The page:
The call was connected for 3 minutes, 52 seconds. (FBI, Trial Evidence, 9/11 Commission)
 
Flight Attendant Sandy Bradshaw phoned her husband, but the call was terminated upon connection (Trial Evidence)
 
Flight Attendant Sandy Bradshaw phoned her husband, Phil,  to report the emergency.  The call lasted 7 minutes, 50 seconds.  FBI agents interviewed Phil on 9/11/01 and recorded these facts about the call: 

“Sandra asked Bradshaw if he had seen what happened today.  Bradshaw told Sandra that two planes had crashed into the World Trade Center in New York City.  Sandra then told Bradshaw that her plane had been hijacked.   She continued to state that the plane had been hijacked by three men with dark skin, and Sandra stated ‘they almost looked Islamic’.  One of the hijackers was seated in first class and Sandra actually looked at him, this hijacker was ‘a little short guy’.  The other hijackers were seated in the back of the plane.  Sandra only saw the hijackers carrying knives as weapons.  All three of the hijackers put red headbands on their heads as they were hijacking the plane.  Additionally, Sandra did not know the location of the plane but she thought that the plane might be around the Mississippi River because they had just passed over a river . . . Sandra told Bradshaw that the passengers were getting hot water out of the galley and were going to rush the hijackers.  At the end of the telephone call, Sandra told Bradshaw that everyone was running up to first class and she hung up the telephone.” (FBI, Trial Evidence, 9/11 Commission)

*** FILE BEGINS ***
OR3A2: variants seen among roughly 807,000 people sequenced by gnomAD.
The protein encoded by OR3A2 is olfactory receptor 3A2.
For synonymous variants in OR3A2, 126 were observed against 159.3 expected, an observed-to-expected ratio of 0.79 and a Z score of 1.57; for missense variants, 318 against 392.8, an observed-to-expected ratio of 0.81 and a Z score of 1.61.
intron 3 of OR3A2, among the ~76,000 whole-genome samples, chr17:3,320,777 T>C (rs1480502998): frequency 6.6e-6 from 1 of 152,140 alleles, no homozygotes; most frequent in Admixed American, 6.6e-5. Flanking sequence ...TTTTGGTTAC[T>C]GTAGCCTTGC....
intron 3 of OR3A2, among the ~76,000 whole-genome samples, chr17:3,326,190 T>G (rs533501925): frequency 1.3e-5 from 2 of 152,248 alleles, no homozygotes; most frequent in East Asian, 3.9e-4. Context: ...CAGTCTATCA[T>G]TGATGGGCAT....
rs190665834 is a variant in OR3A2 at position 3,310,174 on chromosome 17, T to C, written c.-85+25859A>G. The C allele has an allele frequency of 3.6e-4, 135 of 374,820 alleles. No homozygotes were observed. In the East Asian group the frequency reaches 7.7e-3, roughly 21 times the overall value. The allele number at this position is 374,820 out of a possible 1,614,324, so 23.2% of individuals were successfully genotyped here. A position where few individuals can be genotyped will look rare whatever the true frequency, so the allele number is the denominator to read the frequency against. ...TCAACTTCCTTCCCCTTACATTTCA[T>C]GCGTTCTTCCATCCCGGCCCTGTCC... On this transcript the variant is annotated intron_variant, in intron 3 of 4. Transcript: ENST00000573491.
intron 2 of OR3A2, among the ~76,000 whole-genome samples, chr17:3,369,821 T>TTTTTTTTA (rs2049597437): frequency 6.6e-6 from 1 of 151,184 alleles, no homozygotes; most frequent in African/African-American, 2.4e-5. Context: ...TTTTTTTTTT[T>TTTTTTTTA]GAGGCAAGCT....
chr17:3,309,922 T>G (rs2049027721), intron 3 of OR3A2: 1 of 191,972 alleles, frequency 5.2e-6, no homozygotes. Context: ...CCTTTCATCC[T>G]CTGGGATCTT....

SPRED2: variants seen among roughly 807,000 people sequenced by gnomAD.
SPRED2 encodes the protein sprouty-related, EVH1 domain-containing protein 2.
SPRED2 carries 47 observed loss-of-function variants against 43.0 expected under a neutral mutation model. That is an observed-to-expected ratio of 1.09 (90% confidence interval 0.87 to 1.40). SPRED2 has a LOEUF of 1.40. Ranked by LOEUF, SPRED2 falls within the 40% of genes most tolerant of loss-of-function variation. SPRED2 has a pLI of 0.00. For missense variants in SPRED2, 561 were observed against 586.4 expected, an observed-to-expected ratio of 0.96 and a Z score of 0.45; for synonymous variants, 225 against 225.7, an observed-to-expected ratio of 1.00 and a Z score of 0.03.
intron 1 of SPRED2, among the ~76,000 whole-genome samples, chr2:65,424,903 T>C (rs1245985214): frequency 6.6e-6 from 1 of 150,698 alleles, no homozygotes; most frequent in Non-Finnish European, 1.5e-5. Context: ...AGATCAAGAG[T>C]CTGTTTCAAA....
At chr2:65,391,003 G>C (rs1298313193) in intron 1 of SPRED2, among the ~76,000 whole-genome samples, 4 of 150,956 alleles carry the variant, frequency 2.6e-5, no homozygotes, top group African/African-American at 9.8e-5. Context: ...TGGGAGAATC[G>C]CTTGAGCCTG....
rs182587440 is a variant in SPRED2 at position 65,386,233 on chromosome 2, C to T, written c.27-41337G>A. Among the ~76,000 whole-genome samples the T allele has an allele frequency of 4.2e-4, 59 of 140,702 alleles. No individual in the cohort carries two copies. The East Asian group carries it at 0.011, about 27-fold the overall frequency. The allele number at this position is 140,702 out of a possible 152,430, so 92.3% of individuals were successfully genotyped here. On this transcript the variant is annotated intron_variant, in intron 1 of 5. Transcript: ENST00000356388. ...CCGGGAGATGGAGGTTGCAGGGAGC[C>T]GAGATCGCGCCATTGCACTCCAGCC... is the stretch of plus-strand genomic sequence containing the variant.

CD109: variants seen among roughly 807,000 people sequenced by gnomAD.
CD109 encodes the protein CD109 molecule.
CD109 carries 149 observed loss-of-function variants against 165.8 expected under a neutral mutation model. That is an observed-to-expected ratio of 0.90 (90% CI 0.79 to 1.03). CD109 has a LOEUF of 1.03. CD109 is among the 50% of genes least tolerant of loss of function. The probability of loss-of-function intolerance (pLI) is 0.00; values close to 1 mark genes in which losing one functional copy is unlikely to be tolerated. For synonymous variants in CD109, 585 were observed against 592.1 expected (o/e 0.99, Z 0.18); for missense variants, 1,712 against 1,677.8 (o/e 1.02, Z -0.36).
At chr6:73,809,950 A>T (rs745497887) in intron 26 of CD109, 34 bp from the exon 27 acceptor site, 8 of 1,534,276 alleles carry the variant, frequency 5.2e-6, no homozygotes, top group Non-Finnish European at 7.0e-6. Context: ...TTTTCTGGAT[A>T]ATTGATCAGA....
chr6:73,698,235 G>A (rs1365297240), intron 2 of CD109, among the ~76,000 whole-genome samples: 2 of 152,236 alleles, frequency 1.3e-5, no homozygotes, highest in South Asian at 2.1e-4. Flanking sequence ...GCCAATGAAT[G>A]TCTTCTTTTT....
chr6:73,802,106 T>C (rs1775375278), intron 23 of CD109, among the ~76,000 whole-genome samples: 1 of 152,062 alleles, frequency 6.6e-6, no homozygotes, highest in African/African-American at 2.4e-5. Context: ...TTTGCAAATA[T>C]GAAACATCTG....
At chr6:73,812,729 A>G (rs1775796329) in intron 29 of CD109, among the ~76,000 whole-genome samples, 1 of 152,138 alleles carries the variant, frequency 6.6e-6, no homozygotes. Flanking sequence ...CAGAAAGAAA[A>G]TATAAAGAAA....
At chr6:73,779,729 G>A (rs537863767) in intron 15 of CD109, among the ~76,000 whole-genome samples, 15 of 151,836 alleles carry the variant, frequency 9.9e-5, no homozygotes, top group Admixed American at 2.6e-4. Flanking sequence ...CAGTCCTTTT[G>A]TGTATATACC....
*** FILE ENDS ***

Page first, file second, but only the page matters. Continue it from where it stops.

Passenger Honor Elizabeth Wainio phoned her stepmother and told her that the plane had been hijacked.  The call lasted 4 minutes, 29 seconds.  According to her stepmother, Elizabeth expressed concern for her family, saying,

"This is going to be harder on you, and I want you to be okay.”   At the end of the call, Elizabeth said, "They're getting ready to break into the cockpit. I have to go. I love you.  Good-bye.", and she hung up. (FBI, Trial Evidence, family statement)
 
Flight Attendant CeeCee Lyles used her cell phone to call her husband, Lorne.  According to notes from the FBI agents who interviewed Lorne on September 12, 2001, CeeCee said,

“‘Babe, my plane is being hijacked.  My plane is being hijacked.  Babe, they are forcing their way into the cockpit.  They forced their way into the cockpit.  Babe, I called to tell you I love you, tell the kids that I love them.  Oh Lord, it feels like the plane is going down.’  Thereafter, [Lorne] heard screaming in the background and the phone went dead.”  (FBI, Trial Evidence)
 
Passenger Edward Felt used a cell phone to dial 911 and was connected for 70 seconds with the Westmoreland County 911 Center, Westmoreland County Department of Public Safety in Greensburg, PA.  The FBI transcript of the call follows: 

Caller:  “Highjacking in pro----”
911:     “Excuse me?  Hey somebody’s reporting a—”
Caller:  “Highjacking in progress.”
911:     “Sir I’m losing you, where are you at?”
Caller:  “United flight 93.”